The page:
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The Canadian Civil Liberties Association welcomes the latest G20 review, requested by the Toronto Police Services board and carried out by the Honourable John Morden. This report has some troubling findings, namely that the mandated consultation process between the Toronto Police Service and the TPS Board was eschewed because of rushed planning and lack of clear, effective and comprehensive communication between the Chief of Police and the Board. As a result, the Board had insufficient information and an incomplete understanding of what was happening on the ground. The Board, for example, did not ask the Province to amend the Public Works Protection Act to erect a perimeter fence. It delegated this to the police. In another instance, the Morden report notes serious issues with the Eastern Avenue detention centre, namely that it was intended to be a processing centre, rather than a place for people to be detained for extended periods of time.
This report once again illustrates the need for improved civilian oversight of police. Where such mechanisms exists – as is the case with the Toronto Police Service and the TPS Board – they must be fully utilized and their mandate observed. At the release of the report, John Morden highlighted the fact that key provisions regarding consultation and oversight from the Police Services Act of 1990 were not observed. CCLA supports the report’s conclusions that objectives, priorities, and policies to plan for specific issues/events in the future must be determined by the TPS and the Board. Civilian oversight is a key part of preserving civil liberties.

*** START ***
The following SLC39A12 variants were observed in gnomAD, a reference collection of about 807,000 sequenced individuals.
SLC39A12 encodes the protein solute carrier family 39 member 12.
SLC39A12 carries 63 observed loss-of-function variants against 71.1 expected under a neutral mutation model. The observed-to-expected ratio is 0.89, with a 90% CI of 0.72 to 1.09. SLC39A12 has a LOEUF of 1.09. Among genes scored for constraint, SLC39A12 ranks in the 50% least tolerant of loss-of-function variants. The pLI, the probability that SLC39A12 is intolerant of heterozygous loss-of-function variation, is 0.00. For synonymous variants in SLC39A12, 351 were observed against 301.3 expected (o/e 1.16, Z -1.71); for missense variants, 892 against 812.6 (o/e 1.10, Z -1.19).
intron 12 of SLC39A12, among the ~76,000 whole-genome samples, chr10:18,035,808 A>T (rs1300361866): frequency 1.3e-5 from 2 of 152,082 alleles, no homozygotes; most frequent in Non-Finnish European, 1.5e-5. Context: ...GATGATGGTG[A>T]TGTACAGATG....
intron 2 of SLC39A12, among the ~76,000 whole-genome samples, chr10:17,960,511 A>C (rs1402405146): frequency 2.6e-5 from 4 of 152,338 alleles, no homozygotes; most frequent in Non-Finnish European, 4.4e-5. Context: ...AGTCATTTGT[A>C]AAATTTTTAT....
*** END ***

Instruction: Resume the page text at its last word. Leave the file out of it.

The report also illustrates the need for better cross-jurisdictional accountability mechanisms. There are still many gaps and questions that remain unanswered.
CCLA continues to believe that when cross-jurisdictional policing is necessary, it must be accompanied by relevant cross-jurisdictional accountability mechanisms. Furthermore, CCLA supports the recommendation that the TPS and the Board need to develop more comprehensive crowd management policies. CCLA hopes that civil society groups will have an opportunity to be involved in the development of such policies, particularly with regards to training police officers on the facilitation of Charter-protected rights as part of their course of duty.